31 December 2008
I found it the long winded route... I was following Play Activities on Twitter and she commented about this blog post so I took a look.
If you want to go directly to the clips - you need to click on the Reading with your child link on the left hand column at Chets Creek Elemenary School website. Do take a look there are some great ideas for sharing books and the different levels of development and communication.
29 December 2008
17 December 2008
13 December 2008
Special needs battle highlighted
Nearly one in five children has a special educational need
Too many parents of children with special educational needs feel they have to battle the system to get what their children need, ministers admit.
Early findings from a review into special needs education say parents feel the system is not on their side.
Inquiry chairman Brian Lamb has said some local authorities in England are not meeting their legal obligations.
Ministers accepted his concerns and announced a £38m package to raise expectations and give support.
Schools Secretary Ed Balls ordered an investigation to tackle "the failure of some local authorities to comply with their SEN [special educational needs] duties".
The investigation would also look at the problem of poor information given to some parents and "lack of transparency in the SEN system".
In a letter to Mr Balls, Brian Lamb wrote: "A major concern for parents is the lack of transparency and lack of information about school and local authority SEN policies".
And he said no-one discussed with parents what their hopes and aspirations were for their children.
Mr Balls said he agreed with Mr Lamb that the government needed to "act now to improve the outcomes for children with special needs and to increase parental confidence".
"Every child should have the opportunity to reach their full potential, including those with special educational needs, but all too often parents tell us they have to fight the system to get what their children need," said Mr Balls.
"I am determined that this will change. I see today as the start of a new and more ambitious vision for SEN.
"I want to eradicate the presumption that mediocre achievement is the best this group of pupils can hope for."
Of the £38m promised to boost SEN provision, £31m would be spent on a pilot project involving 10 local authorities.
The scheme would aim to get all schools to rethink their expectations for children with SEN and develop approaches to focus more on their outcomes, he said.
The remaining £7m would be used to support pupils in schools and to boost leadership.
The Lamb review also said there was "a failure to consider SEN and disability issues in some mainstream policies and programmes".
The chief executive of The National Autistic Society, Mark Lever, said: "We hear day in day out from families affected by autism who have to go through lengthy and stressful battles to get the education support for their children which should be theirs by right.
"Too many families we work with find that they are unable to access the support and information that they are entitled to, so we particularly pleased that the department will be investigating how local authorities and schools are complying with their legal responsibilities to children with special needs and disabilities.
"Autism affects one in 100 children in the UK and the right support at the right time can make the world of difference to a child's experience at school and their future outcomes."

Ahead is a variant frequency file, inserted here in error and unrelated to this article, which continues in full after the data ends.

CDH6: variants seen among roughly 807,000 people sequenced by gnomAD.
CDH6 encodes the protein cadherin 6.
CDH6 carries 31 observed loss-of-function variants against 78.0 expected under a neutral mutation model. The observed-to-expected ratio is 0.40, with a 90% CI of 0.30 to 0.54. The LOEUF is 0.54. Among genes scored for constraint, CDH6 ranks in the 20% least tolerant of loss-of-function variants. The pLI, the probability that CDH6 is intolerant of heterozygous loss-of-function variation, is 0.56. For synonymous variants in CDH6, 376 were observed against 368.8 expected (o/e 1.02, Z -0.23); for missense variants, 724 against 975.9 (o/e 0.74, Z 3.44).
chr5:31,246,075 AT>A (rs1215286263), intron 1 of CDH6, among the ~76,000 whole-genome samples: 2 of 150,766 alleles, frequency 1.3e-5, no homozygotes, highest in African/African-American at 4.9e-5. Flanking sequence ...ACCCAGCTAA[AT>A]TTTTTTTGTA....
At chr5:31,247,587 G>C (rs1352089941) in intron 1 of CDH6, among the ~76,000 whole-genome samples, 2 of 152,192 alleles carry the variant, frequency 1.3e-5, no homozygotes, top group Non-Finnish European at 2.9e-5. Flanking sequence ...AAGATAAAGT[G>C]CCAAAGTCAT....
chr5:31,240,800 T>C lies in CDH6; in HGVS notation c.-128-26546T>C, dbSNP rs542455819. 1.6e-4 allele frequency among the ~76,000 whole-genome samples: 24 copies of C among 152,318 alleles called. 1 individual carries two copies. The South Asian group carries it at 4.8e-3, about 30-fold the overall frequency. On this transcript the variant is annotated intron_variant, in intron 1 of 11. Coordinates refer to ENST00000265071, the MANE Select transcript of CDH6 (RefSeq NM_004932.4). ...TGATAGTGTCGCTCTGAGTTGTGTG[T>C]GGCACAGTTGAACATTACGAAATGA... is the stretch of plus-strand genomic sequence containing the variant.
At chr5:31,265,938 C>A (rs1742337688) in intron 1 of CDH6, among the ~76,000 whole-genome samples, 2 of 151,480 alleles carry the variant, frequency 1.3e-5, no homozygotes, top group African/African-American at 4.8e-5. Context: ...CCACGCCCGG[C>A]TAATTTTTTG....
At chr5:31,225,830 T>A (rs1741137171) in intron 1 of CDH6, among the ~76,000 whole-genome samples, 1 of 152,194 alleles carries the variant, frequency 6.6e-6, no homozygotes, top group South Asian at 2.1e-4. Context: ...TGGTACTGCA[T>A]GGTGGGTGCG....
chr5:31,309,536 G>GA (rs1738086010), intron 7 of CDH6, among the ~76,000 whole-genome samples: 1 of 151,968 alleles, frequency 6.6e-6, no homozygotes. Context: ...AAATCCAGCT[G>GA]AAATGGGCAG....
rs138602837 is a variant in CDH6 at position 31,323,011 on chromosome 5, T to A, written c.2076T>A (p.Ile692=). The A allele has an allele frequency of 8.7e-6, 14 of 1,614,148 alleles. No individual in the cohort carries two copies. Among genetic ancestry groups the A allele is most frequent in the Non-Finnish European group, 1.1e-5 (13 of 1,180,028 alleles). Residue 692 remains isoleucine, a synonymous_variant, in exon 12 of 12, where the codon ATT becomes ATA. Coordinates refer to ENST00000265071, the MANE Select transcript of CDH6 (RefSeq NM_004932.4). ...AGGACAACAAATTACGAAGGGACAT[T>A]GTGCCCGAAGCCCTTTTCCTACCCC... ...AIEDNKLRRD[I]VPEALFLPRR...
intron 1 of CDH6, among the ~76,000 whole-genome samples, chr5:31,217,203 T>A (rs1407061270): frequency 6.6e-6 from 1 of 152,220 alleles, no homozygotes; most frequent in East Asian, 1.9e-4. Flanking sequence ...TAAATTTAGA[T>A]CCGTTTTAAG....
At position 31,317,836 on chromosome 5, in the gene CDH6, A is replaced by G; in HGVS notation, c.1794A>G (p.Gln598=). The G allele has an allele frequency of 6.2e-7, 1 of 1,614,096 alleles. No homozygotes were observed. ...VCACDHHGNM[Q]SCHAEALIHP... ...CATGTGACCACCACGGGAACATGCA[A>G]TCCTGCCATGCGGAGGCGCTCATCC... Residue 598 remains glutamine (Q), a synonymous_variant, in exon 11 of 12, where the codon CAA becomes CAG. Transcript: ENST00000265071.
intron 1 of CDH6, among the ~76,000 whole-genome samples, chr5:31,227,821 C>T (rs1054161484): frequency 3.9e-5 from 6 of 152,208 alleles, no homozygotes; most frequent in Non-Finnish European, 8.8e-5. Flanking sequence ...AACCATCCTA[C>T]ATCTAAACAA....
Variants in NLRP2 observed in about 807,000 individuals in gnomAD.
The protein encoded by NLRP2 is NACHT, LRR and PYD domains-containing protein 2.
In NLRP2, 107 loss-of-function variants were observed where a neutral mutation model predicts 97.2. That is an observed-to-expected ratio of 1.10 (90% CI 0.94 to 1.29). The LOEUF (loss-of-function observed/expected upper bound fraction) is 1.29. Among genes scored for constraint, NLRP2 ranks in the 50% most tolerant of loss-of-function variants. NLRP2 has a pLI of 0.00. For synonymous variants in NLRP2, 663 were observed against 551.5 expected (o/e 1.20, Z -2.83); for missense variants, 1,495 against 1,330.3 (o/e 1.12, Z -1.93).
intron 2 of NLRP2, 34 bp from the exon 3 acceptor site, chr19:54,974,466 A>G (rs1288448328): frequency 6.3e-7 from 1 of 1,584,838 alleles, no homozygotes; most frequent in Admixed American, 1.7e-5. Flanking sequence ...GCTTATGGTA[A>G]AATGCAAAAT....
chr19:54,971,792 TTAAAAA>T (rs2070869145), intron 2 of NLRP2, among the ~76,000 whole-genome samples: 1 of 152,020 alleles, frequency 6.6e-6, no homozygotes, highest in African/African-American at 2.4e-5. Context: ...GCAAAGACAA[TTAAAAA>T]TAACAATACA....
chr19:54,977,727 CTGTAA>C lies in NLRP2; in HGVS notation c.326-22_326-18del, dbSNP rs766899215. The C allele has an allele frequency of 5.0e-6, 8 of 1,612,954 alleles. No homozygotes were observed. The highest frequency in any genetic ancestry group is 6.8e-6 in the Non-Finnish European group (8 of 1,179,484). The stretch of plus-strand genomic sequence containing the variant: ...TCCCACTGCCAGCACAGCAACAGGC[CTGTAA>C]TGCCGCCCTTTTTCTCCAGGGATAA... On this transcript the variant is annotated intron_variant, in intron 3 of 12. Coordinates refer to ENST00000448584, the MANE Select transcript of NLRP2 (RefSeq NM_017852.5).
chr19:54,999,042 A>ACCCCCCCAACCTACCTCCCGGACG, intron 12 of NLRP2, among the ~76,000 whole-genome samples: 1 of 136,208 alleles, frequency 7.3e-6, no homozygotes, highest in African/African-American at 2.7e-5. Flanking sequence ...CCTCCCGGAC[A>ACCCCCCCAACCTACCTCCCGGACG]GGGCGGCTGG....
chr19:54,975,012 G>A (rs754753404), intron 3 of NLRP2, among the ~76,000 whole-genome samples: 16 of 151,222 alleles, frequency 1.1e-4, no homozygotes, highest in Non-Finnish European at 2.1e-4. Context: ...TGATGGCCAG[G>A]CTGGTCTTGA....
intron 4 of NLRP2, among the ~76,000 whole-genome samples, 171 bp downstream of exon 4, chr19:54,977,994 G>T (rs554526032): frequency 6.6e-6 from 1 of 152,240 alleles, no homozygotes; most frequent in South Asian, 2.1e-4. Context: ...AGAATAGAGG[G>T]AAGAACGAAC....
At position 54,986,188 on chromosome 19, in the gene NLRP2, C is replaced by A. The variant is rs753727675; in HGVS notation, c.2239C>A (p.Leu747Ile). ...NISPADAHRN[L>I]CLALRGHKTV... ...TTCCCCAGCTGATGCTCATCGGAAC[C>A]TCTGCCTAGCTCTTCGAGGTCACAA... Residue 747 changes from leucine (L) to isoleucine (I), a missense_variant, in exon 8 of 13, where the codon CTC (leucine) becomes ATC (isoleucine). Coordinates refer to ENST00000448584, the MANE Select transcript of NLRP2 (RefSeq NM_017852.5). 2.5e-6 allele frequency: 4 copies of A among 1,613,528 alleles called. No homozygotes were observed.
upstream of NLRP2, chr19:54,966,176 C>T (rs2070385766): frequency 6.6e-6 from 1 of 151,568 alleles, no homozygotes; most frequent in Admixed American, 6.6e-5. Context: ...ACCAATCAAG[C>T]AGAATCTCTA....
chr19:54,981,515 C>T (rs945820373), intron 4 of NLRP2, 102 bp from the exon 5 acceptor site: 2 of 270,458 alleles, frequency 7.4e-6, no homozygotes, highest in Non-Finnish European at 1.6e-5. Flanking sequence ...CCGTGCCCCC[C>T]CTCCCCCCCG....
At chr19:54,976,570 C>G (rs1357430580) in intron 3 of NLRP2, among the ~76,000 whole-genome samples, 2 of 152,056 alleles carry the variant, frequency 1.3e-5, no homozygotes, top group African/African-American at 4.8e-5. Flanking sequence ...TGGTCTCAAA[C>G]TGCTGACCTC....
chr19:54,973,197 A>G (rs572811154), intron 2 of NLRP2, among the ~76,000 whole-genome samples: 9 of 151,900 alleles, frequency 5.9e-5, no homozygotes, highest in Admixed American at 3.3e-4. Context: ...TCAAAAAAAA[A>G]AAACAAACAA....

Jennifer Owen Adams, from the British Dyslexia Association, said it was encouraged by the government's response to Lamb's early findings.
"Much more needs to be done to help parents and families with dyslexic children get the help their child requires. Recognition of this is just the first step," she said.
"We will continue to support the work of the Lamb inquiry and look forward to the report's conclusions."
The final report is due in September 2009.
02 December 2008
01 December 2008
17 November 2008
So check out our suggestions…
We have stationery supplies – our handwriting exercise books, Handhugger Pens (with black ink or blue), Triangular Pencils (jumbo and slim) or even our Triangular Writing Set make ideal stocking fillers for those learning to write and draw, plus see our range of left and right handed scissors for those who want to cut and create craft projects.
For children who like books the range of First Experiences Books are just the right size to pop in a stocking whilst the range of People who Help Us Puppets are gorgeous too and great for children who are beginning role play activities.
For the more mathematically minded – we have the fantastic Numberball - with two giant, tactile eight-sided dice as well as counters, number grids and timer, it is a fun and colourful way to help memorise the basic multiplication tables. There are many different ways to use Numberball; playing 4-in-a-row, using the timer, filling in the blank chart, or placing counters on the squares all of which help children remember the times tables – a great stocking filler for a Key Stage 2 child. Also, check out our numeracy snap games – money, time and fraction action fraction action.
Our other favourite fellow WAHM suppliers of stocking fillers are Knot Just Jigs, FunkyDoryParty Bags, Natural Nursery and Delicate Dreams - do go and have a look and see what they have to offer.
16 November 2008
We now have several sets of multiplication magnets:
Basic Magnetic Numbers; these magnetic number tiles make learning numbers fun and encourage arithmetic through play. Ideal for at home on the fridge to help your child recognise numbers 1 to 100 and perform simple arithmetic as part of National Numeracy Strategy.